“The Lost Art” of Letter Writing

This photo was taken, when I was at sleep away camp, in July 1990 on the summit of Mt. Washington. (I climbed to the top of the mountain, along with some other campers and counselors, that summer.) I remember writing a lot of letters that summer (and even postcards from the top of Mt. Washington).

I was recently talking with a friend whose daughter was spending the summer at sleep away camp.  I was curious about how she was going to communicate with her since e-mail and texting are so prevalent.  She told me her daughter wasn’t allowed to bring a smart phone and that the computer lab wasn’t open to campers.  However, I wasn’t sure that all camps were like the one my friend’s daughter was going to attend.  It’s possible that there are sleep away camps where kids are allowed to use technology to communicate with the outside world, right?

Last week USA Today ran an article, “Can summer camps revive the lost art of letter writing?”  I was eager to read the article since I attended sleep away camp and was an avid letter writer.  But that was back in the late 80’s/early 90’s when I had never heard of e-mail and I didn’t own a cell phone.  As I read the article, written by Todd Plitt, I was enthralled by the fact that the girls in the story were using the same kinds of cutesy stationery I remember writing on when I sent letters home or to my non-camp friends.  However, I’m not so foolish as to think that hand-written letters are going to make a come back as a result of children spending time at summer camp.  I, for one, rarely hand write letters to friends.  I use e-mail or jot something on a friend’s Facebook wall.  It’s faster.  It’s easier.  And quite frankly, it’s cheaper.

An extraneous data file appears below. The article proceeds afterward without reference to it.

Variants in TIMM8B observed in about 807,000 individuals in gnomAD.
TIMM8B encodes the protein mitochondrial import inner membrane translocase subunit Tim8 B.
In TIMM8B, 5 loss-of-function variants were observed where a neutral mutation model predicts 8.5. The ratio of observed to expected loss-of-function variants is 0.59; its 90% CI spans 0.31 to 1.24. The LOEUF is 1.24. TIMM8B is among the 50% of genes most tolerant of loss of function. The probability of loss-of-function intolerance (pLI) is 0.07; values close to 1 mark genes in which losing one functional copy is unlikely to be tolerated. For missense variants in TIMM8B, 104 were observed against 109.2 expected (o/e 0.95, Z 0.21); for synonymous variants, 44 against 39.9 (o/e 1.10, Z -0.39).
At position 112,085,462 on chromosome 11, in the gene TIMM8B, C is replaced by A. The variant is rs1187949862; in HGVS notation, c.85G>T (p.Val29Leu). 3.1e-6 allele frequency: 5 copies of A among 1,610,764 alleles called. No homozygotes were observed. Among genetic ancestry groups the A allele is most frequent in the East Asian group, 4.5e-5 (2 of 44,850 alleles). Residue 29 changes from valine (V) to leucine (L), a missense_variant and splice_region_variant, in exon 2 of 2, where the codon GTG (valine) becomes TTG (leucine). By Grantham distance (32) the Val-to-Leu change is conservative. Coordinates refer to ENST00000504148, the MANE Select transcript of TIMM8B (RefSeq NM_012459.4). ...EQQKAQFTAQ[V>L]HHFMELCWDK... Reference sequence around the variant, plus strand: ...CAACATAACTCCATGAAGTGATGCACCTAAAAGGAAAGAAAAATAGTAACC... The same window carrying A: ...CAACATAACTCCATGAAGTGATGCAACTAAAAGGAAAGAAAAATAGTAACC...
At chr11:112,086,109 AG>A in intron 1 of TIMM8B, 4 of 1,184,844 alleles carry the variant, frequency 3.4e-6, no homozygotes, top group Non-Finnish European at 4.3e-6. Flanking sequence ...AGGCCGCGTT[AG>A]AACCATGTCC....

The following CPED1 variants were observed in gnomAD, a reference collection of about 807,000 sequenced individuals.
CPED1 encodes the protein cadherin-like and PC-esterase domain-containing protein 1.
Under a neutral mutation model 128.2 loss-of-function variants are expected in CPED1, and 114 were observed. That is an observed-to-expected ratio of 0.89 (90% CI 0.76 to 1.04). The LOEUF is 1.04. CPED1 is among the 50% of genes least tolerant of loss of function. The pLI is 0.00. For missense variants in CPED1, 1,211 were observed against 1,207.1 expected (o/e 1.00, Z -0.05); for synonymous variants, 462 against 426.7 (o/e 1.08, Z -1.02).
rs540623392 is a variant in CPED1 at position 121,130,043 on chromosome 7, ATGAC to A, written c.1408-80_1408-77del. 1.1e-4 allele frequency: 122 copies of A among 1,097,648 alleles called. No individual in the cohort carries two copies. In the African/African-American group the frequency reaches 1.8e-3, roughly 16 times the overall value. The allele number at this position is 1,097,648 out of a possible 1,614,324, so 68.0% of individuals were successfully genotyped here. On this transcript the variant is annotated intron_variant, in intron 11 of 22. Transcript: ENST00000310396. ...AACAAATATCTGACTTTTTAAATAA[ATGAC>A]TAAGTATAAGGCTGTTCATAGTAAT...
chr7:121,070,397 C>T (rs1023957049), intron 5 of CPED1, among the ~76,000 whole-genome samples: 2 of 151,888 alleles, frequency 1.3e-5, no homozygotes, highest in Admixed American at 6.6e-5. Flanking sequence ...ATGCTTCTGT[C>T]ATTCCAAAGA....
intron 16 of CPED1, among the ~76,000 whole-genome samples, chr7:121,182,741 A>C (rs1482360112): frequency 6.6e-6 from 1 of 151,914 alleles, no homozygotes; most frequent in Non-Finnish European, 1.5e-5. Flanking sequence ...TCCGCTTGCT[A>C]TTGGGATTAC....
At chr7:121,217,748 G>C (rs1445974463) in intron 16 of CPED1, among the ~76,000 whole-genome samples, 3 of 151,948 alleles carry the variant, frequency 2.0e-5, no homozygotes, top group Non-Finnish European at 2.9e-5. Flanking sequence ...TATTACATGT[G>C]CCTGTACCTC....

When I taught fifth grade, I always taught a unit on persuasive letter writing.  The same unit continued when I transitioned to fourth grade, but a friendly letter unit was also added.  However, I don’t think we taught a friendly letter unit my second year in fourth grade since we had to make room for something else.  In hindsight, I think this may have been a disservice to the students since kids aren’t really receiving instruction on how to write letters to other people (A skill that’s important anytime you’re going to send an e-mail!) anywhere other than school.  Factor in the whole “addressing the envelope” issue and letter writing becomes even more important.

So, I’m wondering, is letter writing a unit of study (or even a mini unit of study) that should stay in elementary school writing workshops?  Or, is it more important to teach something else.  Please take the poll below and share your thoughts by leaving a comment.